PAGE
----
Countries where more than 100 million people already live in urban areas include China (601 million), India (352 million), the USA (254 million), Brazil (169 million), Indonesia (129 million) and Russia (103 million).

Urbanisation in selected
countries between 1950 and 2030

Country
1950
Urban population as percentage of total
2010
Urban population as percentage of total
2030
Urban population as percentage of total (Estimate)
Argentina
65.3
92.4
93.2
Australia
77.0
89.1
91.9
Bangladesh
4.2
28.1
39.9
Brazil
36.2
86.5
91.1
Canada
60.9
80.6
84.4
Chile
58.4
89.0
92.3
China
13.0
44.9
60.3
Egypt
31.9
42.8
53.9
Ethiopia
4.6
17.6
27.1
Finland
31.9
63.9
68.9
France
55.2
77.8
82.9
Germany
64.7
73.8
80.0
India
17.0
30.1
40.7
Indonesia
12.4
53.7
68.9
Iran
27.5
69.5
77.9
Israel
71.0
91.7
93.0
Italy
54.1
68.4
74.6
Kenya
5.6
22.2
33.0
South Korea
21.4
81.9
86.3
Malaysia
20.4
72.2
81.9
Mexico
42.7
77.8
82.8
Netherlands
56.1
82.9
88.6
Nigeria
11.6
49.8
66.0
Pakistan
17.5
37.0
49.8
Philippines
27.1
66.4
76.7
Poland
38.3
61.2
70.0
Portugal
31.2
60.7
71.4
Russia
44.2
72.8
75.7
Saudi Arabia
21.3
83.6
86.2
South Africa
42.2
61.7
71.3
Sweden
65.7
84.7
83.1
Switzerland
44.3
73.6
83.1
Syria
30.6
54.9
61.0
Thailand
16.5
34.0
45.8
Turkey
24.8
69.6
77.7
UK
79.0
90.1
92.2
USA
64.2
82.3
87.0
Venezuela
46.8
94.0
97.1
Vietnam
11.6
28.8
42.8
Source: World Bank

Table 2: Urban population in 122 countries together with their largest cities
Table 3: Countries with the largest number of people living in urban areas
Table 4: Countries with the highest proportion of people living in urban areas








Mayors with exceptional courage, compassion and competence sought for the 2016 World Mayor Prize
The 2016 World Mayor Prize and Commendations will be awarded to mayors who have accepted and successfully managed the challenges posed by migration but are also convinced of its longterm benefits. They will be leading a city where past and/or more recent immigrants have contributed to the city’s society, economy and culture. The City Mayors Foundation will also consider mayors for the honours whose communities has shown exceptional resilience during the recent arrivals from disaster-torn regions of the world.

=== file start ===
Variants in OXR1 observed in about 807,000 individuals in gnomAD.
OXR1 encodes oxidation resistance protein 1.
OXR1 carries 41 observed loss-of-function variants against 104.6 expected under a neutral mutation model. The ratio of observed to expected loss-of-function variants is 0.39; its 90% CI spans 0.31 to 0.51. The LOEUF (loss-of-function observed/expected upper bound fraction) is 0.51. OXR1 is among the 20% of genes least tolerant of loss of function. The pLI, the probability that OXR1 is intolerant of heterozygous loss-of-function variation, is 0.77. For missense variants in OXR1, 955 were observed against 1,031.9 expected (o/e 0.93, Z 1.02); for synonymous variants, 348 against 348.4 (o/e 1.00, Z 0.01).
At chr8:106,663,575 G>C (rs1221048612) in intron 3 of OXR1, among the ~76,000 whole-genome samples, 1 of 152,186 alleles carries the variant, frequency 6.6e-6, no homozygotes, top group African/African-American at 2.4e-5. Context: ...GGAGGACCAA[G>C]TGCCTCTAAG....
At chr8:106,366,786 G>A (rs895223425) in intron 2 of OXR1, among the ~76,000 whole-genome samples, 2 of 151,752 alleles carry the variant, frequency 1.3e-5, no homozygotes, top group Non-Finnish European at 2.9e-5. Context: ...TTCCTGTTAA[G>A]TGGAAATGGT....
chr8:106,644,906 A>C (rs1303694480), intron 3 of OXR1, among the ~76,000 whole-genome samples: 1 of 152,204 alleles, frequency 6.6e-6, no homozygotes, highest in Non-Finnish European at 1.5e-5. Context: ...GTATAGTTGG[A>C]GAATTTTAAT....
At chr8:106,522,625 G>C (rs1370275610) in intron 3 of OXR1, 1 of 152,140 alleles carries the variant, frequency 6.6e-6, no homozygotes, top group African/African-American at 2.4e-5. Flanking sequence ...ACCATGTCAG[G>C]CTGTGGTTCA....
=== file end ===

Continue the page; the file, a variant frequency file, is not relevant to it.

If you are convinced, like us, that the world’s cities have greatly benefited from immigrants, whose perseverance in the face of hardship and often prejudice has created the civic societies that we value and enjoy today, we invite you to nominate a mayor for the 2016 World Mayor Prize.

At a time when there are some 60 million refugees worldwide, mayors to be considered for the World Mayor honours will need to have shown exceptional compassion, courage and competence. Compassion for people who have travelled great distances to find safety. Courage to fight prejudice even in the face of unpopularity. Competence to leverage the value and potential each person offers society.

By taking part in this year’s World Mayor Project you are also voicing your support for all those cities that have had to bear the brunt of the recent influx of migrants and refugees.

Previous winners and runners-up include the mayors of Calgary, Ghent, Bilbao, Perth, Mexico City, Oklahoma City, Cape Town, Zurich, Melbourne, Amsterdam, Athens, Mississauga and Tirana. The World Mayor Project aims to show what outstanding mayors can achieve and raise their profiles nationally and internationally.

PLEASE NOMINATE YOUR CHOICE OF MAYOR NOW